Also a survey of franchise associations conducted by Arthur Anderson in 1995 there are then 3000 franchisors in the USA, with 250,000 franchisees. The USA and Australia are the main countries in which government sponsored statistics have been available but there are statistics available from other countries, which vary from the professionally prepared in (Quinn, 1998). The information shown in table 1 appears to be the best available and indicates the level of franchising activities in some of the major economic markets in 2003.
1.3 An over view of franchising development in China (from internet document)
Franchising first emerged in China in the late 1980s. In 1987, KFC's first Chinese outlet was opened in Beijing, the capital city of China.
Franchising industry in China experienced a period of disordered development in the early days. In the poor legal environment, some franchisers conducted substandard business or even defrauded franchisees of money (Ackerman, 1994). In some cases, franchisees delayed payments to the franchisers or infringed on their intellectual property rights.
In 1997, the Ministry of Internal Trade established the first Chinese franchise law, the Regulation on Commercial Franchise Business, which included guidelines on such issues as trademarks, copyrights, and intellectual property protection. A lack of specific provisions in the 1997 version governing foreign direct franchising allowed relatively few major international companies to have significant franchise businesses in China. Although many of these international brands such as 7-Eleven, McDonald's, KFC and Pierre Cardin, normally do business through franchising, in China foreign franchising was still a grey area before the new rule was published (Micjael, 2000).
Because franchising typically does not involve investing in equities, the Chinese Government used to put less focus on such business. But the government came to find that franchises are a good business model for China to help solve its job problems and its scattered private capital. China's capital markets are underdeveloped and franchising is one method that allows the assembly and concentration of capital from a wide capital base through investment in franchises. China has a great number of qualified potential Chinese franchisees with strong sources of funding. Franchising makes up for the commercial inexperience of the Chinese franchisers by linking their investments to completed training within a well-tested operating system (George, 2002).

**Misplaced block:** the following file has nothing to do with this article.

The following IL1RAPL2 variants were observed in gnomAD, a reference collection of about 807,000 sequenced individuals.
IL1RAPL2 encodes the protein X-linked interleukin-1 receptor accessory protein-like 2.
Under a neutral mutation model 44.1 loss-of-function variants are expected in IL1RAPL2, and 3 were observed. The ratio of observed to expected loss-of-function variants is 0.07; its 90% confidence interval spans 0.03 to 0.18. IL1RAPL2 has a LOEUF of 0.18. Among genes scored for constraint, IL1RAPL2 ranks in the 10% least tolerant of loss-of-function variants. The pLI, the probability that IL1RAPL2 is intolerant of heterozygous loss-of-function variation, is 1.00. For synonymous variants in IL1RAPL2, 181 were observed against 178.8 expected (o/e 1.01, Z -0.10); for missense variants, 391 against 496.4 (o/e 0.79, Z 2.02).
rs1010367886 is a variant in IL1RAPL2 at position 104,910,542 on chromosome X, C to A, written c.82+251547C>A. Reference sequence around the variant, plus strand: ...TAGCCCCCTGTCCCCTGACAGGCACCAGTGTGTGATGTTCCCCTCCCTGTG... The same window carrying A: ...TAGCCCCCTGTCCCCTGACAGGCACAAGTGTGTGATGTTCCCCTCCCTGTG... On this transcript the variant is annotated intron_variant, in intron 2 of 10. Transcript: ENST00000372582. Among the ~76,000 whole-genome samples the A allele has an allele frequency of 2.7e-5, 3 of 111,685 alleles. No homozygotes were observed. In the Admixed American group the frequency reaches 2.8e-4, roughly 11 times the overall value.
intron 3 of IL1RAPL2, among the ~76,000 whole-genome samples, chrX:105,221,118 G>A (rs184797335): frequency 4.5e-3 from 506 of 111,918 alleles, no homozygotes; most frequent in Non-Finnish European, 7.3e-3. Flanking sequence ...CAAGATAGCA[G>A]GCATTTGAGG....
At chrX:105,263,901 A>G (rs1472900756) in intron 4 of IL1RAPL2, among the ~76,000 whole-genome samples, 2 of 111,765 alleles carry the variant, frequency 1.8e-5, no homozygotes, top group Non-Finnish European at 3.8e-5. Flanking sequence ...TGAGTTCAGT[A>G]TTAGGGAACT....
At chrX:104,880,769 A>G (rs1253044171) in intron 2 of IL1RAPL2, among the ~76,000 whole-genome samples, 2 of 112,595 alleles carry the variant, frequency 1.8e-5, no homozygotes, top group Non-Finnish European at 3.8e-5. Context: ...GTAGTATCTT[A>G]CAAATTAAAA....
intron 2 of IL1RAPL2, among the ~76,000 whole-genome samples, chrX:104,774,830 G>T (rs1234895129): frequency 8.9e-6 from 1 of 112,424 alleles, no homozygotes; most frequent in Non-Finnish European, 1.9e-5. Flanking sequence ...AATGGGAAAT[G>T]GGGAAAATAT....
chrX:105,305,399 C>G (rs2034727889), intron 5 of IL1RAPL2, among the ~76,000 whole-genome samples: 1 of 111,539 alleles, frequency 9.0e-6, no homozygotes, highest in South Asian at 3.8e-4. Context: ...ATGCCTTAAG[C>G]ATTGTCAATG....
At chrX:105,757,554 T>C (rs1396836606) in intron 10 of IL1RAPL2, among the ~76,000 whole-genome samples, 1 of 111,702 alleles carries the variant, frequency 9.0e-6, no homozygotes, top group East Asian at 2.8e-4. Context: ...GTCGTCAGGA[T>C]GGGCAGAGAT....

The new Regulation on Commercial Franchise, announced by the Ministry of Commerce on December 30th 2004 and which took effect on February 1, will stimulate business in terms of its scale and standardization. The new regulation for franchises, to replace the 1997 measures concerning administration of commercial franchising, defines more clearly the way foreign brands operate franchise businesses in China. The new rule should help build a sound legal environment and invite additional foreign franchisers into doing the local business.
The franchising model, which allows people with limited capital to enter an established business, is well suited to a developing economy. China's infant franchising industry is set to enter a rapid but orderly development stage after the new Regulation of Commercial Franchise takes effect (Patton, 2002).
1.4 Main Figures Related to Franchising Industry in China
With potentially the largest consumer market in the world and an accelerating economy, China is hailed as one of the most important consumer markets of the
21st century. China's GDP expanded by 9.3% in 2004, the best among the world's biggest economies. According to the estimation of State Information Center, the Chinese retail sector will grow at a stable speed of 8 to 10 percent from 2005 to 2010 and the retail amount of social consumption will exceed RMB 20 trillion in 2020. This increase in consumption is why many enterprises are eying China's profitable franchise market. Large numbers of foreign franchisers are either operating in China or giving serious consideration to doing so.
China currently has 1,900 franchise systems, with 82,000 outlets, growing 49% annually. Nearly 60 industries have applied for franchise operations, including traditional sectors of catering, retailing and individual services, as well as some newly developed fields of education, commercial services, family services and automotive care. In terms of the number of franchisers, the catering industry leads by 35%, while retailing accounts for 30%, laundry 10%, and auto sales, care and leasing 3%. Nearly half of the top 100 restaurant companies are utilizing franchise business models, and their business earnings significantly surpass those of independently operated companies.